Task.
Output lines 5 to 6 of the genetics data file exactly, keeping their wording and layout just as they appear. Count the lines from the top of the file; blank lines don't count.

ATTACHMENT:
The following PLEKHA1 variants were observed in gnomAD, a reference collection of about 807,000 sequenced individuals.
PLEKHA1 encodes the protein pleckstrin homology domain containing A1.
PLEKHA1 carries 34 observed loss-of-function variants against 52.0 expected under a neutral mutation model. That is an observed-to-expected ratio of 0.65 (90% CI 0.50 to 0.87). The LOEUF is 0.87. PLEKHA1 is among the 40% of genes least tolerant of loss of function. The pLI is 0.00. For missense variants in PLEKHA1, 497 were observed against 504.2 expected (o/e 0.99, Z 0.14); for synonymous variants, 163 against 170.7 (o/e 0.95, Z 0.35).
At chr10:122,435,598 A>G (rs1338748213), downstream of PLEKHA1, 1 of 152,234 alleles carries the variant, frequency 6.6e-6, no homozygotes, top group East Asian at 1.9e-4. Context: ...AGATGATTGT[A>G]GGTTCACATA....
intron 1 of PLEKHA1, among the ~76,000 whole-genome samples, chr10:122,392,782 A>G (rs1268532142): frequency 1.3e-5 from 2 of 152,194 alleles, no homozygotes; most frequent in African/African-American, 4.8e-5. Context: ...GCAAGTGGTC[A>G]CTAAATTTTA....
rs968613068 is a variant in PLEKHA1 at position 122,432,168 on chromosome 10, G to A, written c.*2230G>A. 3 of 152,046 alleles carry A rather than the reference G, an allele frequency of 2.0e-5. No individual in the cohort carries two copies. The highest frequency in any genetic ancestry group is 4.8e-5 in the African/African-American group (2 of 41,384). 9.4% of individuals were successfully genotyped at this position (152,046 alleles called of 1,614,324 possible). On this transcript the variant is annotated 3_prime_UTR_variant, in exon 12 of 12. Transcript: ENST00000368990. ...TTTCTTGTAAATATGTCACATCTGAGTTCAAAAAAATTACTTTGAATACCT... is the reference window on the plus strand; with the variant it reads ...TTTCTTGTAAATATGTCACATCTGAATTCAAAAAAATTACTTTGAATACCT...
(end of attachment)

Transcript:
intron 1 of PLEKHA1, among the ~76,000 whole-genome samples, chr10:122,392,782 A>G (rs1268532142): frequency 1.3e-5 from 2 of 152,194 alleles, no homozygotes; most frequent in African/African-American, 4.8e-5. Context: ...GCAAGTGGTC[A>G]CTAAATTTTA....
rs968613068 is a variant in PLEKHA1 at position 122,432,168 on chromosome 10, G to A, written c.*2230G>A. 3 of 152,046 alleles carry A rather than the reference G, an allele frequency of 2.0e-5. No individual in the cohort carries two copies. The highest frequency in any genetic ancestry group is 4.8e-5 in the African/African-American group (2 of 41,384). 9.4% of individuals were successfully genotyped at this position (152,046 alleles called of 1,614,324 possible). On this transcript the variant is annotated 3_prime_UTR_variant, in exon 12 of 12. Transcript: ENST00000368990. ...TTTCTTGTAAATATGTCACATCTGAGTTCAAAAAAATTACTTTGAATACCT... is the reference window on the plus strand; with the variant it reads ...TTTCTTGTAAATATGTCACATCTGAATTCAAAAAAATTACTTTGAATACCT...